Assistant Sports Editor
Last week, the Fredonia Blue Devils hockey team held their annual Stroke Survivor Night. The team warmed up and played in red jerseys to support stroke survivors and raise money for The Foundation of Kaleida Bates.
Stroke survivor, and father of assistant coach Mike Lysyj, Bob Lysyj dropped the puck to start the game. Between donations, raffles and tickets, Fredonia raised around $9,000 for the foundation.
When the game started, both teams came out with a little extra energy and pace to their game. During the first half of the first period, both teams were at a stalemate until Potsdam scored twice in two minutes to take a 2-0 lead. Potsdam scored their first goal off the power play by Tyler Young at 15:10, and then teammate Vinny Guidmond made it 2-0 on a goal where the defense was beaten and left the goalie Erik Bogart in a bad position.
The Blue Devils fought back as freshman Victor Tracy made the game 2-1 at 17:06 of the first period. Putting the puck in the net worked out well for them to start out this game. If they didn’t score, they created chances for themselves and gave themselves a chance to be in the game throughout.
The second period was uneventful as both teams headed into the last period with the score 2-1 in favor of Potsdam. Fredonia upped their performance in the third, but so did Potsdam.
Potsdam would extend the lead to 3-1 on a goal by Jon Venter, his first collegiate goal at 8:48 of the third period. Fredonia countered Potsdam’s goal, with a goal of their own.
Fredonia cut the lead back to one at 12:59 of the third period when junior Todd Schauss scored off a rebound.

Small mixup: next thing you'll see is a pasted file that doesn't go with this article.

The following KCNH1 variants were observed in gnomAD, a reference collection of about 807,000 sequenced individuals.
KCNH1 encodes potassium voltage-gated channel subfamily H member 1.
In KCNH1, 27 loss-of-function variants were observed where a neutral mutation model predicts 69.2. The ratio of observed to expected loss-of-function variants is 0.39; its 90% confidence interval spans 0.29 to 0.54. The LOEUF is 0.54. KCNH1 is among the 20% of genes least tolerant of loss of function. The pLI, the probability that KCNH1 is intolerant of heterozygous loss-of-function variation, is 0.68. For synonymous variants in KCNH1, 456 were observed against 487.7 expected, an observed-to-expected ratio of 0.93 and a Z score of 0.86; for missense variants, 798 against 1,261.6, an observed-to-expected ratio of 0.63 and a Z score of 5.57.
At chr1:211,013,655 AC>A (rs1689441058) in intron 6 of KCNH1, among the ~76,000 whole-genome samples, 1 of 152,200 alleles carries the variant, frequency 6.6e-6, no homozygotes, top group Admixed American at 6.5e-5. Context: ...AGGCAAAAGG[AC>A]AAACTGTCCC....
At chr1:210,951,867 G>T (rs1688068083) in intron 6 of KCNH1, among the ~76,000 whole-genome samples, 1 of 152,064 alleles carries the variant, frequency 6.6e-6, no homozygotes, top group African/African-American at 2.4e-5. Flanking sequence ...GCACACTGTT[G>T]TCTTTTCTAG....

However, this would be the closest Fredonia would get as Potsdam’s goalie Brendan McMenimen played well and recorded 35 saves. Potsdam would score an empty-netter with six seconds left, courtesy of Jon Venter, his second of the game. Bogart finished with 29 saves, but Potsdam made a few more plays to come out on top. With Potsdam’s record, it was a chance for the Blue Devils to take out one of the best teams in conference, but they fell short.
Losing tough games like this can mess with your confidence, but Victor Tracy explained that sometimes the puck doesn’t bounce your way and you can’t focus too much on the past.
“It’s always frustrating to come up short in a game no matter what game we’re playing or what team we’re playing. Potsdam is a good competitor and we knew that going into Friday night’s game,” said Tracy. “The game didn’t seem to hang in our favor and the bounces just weren’t coming our way. Sometimes the game doesn’t work out in your favor and it’s just something we need [to] learn to extricate as a team.”
While Fredonia took the loss Friday, they raised thousands of dollars and many players such as Tracy knew the importance of that.
“Although we fell short, the upside to Friday night’s game is that we did raise over $9,000 for a good cause. Friday’s game, for us, wasn’t as much about who won, but more about the cause the team was supporting,” he said.
“A few days prior to the Stroke Awareness game, the Chautauqua Nursing & Rehabilitation Center called Luke Rivera, who started and organizes [the game]. They had asked if we would be willing to partake in visiting the center to meet some of the patients and listen to their stories,” said Tracy. “This cause means a lot to our team and we wanted all of the survivors we had met to know that Friday’s game was played for them.”
Other players, like Schauss, felt the same way and mentioned how excited the team was to play for such a good cause.
“The Stroke Awareness game was extremely important to us as a team. Not only because it was a SUNYAC game, but because we were playing for something much bigger than the game itself. Having an opportunity to play for a cause, such as this game, certainly does bring more energy throughout the locker room,” said Schauss. “The boys felt that we weren’t only playing for each other, but [for] the ones who have suffered from strokes in the past.”